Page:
Should You Bid on Your Brand Name with PPC Ads?
Bidding on your brand name is a controversial topic. It reminds me of whether you’ll be voting democrat or republican in the next election. Like politics, people have strong opinions on branded keyword bidding. It’s hard to convince someone to change their mind.
There’s one camp that believes you must bid on branded keywords so competitors don’t steal your coveted branded traffic. The opposing group feels strongly that you’d convert on your branded traffic and you’re wasting money bidding on your own brand name.
After reading my list of pros and cons, you’ll be able to formulate your own opinion as to whether you’ll incorporate branded keyword bidding into your paid advertising strategy.
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Table of Contents
- 1 Should You Bid on Your Brand Name with PPC Ads?
- 2 Pros – Bidding on Branded Keywords
- 3 Cons – Bidding on Branded Keywords
- 4 In-Closing
Pros – Bidding on Branded Keywords
The thought is sickening to many businesses to have their competitors outrank them for their own branded search on Google. This is why so many companies bid on branded keywords. Let’s dive into the reasons why you should bid on your branded keywords.
Populate ahead of competitors
When you bid on your brand name, you can ensure that competitors don’t populate ahead of you on Google, if you were to outbid them.
In the example below, you can see that competitors are constantly bidding on our brand name, The Media Captain. At first I was frustrated with competitors bidding on The Media Captain. Now, I take this as a badge of honor. If people didn’t notice the work we were doing, they wouldn’t be bidding on our brand name.
I’ve taken the stance that I don’t want competitors to populate ahead of us on Google when people type in The Media Captain. I want our advertisement to be the first thing people see. Your business needs to determine whether or not you’re comfortable with your current and potential customers seeing a competitor ahead of you for your branded search.
How well known your brand is will determine how much money you spend on branded search. The more people that type in your brand name, the more clicks you’ll receive. For The Media Captain, we spend approximately $300 per month on branded ads. For DermWarehouse, our in-house eCommerce brand, we spend approximately $2,000. The reason is because DermWarehouse gets a lot more traffic since we have over 350,000 customers.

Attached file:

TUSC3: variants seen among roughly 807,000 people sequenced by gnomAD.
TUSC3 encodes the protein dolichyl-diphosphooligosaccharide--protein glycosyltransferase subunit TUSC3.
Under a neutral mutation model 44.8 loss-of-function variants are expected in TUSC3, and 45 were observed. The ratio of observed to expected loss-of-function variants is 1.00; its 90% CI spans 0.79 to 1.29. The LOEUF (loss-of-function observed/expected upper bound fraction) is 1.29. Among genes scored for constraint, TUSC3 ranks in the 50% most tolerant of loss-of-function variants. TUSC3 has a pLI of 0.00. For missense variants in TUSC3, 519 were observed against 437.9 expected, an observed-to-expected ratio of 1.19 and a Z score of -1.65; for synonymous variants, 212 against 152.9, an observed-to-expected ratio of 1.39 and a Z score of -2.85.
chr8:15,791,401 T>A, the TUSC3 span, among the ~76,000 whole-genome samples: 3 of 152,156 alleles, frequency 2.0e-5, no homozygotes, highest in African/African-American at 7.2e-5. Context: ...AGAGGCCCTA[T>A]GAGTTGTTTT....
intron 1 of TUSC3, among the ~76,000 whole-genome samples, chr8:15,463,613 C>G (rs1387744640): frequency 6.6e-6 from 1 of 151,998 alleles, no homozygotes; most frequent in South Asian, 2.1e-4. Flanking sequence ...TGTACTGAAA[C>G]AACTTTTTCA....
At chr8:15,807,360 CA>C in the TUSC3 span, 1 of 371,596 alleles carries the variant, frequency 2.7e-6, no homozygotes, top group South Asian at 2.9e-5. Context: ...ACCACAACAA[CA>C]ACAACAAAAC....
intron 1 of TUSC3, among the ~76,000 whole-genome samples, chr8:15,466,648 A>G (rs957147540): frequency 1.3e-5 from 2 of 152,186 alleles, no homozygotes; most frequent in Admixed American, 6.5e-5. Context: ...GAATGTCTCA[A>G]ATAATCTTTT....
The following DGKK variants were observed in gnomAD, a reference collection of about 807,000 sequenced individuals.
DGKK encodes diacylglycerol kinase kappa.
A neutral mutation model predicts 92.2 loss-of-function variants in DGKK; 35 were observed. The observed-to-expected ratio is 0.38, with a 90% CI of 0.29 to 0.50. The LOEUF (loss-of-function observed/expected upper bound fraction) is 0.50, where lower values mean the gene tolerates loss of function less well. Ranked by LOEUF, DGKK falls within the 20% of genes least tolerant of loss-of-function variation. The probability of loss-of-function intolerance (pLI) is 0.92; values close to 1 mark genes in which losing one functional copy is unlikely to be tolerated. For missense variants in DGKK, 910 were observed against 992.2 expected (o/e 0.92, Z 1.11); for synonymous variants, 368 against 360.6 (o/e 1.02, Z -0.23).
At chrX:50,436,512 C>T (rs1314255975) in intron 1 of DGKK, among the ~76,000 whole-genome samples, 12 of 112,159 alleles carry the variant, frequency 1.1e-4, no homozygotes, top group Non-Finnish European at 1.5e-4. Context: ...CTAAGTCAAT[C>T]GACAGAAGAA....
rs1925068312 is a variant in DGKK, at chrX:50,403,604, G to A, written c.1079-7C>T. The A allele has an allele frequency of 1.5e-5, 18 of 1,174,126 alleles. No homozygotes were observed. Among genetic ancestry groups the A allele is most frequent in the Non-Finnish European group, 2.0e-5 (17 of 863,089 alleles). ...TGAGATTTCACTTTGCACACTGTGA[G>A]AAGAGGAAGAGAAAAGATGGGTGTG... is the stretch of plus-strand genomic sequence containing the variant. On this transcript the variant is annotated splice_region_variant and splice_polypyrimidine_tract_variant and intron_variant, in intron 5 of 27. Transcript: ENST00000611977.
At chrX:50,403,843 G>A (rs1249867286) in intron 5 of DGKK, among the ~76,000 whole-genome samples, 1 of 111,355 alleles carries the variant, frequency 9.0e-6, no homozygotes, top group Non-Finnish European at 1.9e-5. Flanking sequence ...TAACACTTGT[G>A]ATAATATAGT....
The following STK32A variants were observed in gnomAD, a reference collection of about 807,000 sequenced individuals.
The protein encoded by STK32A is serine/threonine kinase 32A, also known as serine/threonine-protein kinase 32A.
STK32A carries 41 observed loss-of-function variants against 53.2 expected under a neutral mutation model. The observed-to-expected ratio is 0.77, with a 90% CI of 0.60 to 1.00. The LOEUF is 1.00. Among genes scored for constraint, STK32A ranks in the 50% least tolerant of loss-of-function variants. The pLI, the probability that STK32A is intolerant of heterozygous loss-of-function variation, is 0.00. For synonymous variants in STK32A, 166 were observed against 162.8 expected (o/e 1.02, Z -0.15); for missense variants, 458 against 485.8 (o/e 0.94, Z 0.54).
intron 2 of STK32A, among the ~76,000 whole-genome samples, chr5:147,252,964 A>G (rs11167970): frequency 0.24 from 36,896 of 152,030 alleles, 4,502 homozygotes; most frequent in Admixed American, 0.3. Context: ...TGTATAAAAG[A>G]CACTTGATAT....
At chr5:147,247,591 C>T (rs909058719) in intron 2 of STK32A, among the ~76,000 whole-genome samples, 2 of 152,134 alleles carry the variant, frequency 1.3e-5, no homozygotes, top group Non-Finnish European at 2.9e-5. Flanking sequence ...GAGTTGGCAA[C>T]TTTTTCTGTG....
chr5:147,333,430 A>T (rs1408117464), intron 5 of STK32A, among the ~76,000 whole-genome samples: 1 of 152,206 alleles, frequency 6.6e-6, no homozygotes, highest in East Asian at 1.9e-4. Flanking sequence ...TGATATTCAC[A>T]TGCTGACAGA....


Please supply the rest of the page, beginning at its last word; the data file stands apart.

Agency Tip: If nobody is bidding on your brand name, there’s less urgency to bid on your brand name.
Important to Remember: You can’t stop your competitors from bidding on your brand name.
Controlling the narrative doesn’t get talked about enough but is one of the best reasons, in my opinion, to bid on your brand name.
You can’t edit organic sitelinks, meaning you’re stuck with what Google pulls in from your website for the organic results. Branded advertisements provide you with more flexibility in your messaging.
Let’s say you’re an eCommerce store running a weekend sale that you want to promote. You can spread the word about the promotion with your branded advertisement.
The example below is for our in-house eCommerce brand, DermWarehouse. We bid on our brand name so we can inform people about our 100+ brands, our favorite picks and more information about our top-notch customer service. There’s a lot of real-estate with branded PPC campaigns through ad copy and sitelinks to better inform your current or prospective customers about the happenings within your business.
The messaging you can create and change in real-time is a good reason to partake in bidding on your branded keywords.
Agency Note: On the right hand side of the screen, you’ll see DermWarehouse products are populating for our branded search. Google pulls in products from our Google Shopping Feed for branded search. Learn more about our Google Shopping expertise.
Relatively low cost per click
Our average cost per click for DermWarehouse and The Media Captain is under $1.15. According to WordStream, the average cost per click in Google Ads across all industries is $2.69 for search.
The average cost per click for branded keywords is cheaper in most instances than non-branded. While people get upset about having to pay-per-click for their own brand name, it shouldn’t be a big part of the overall budget (more on this to come).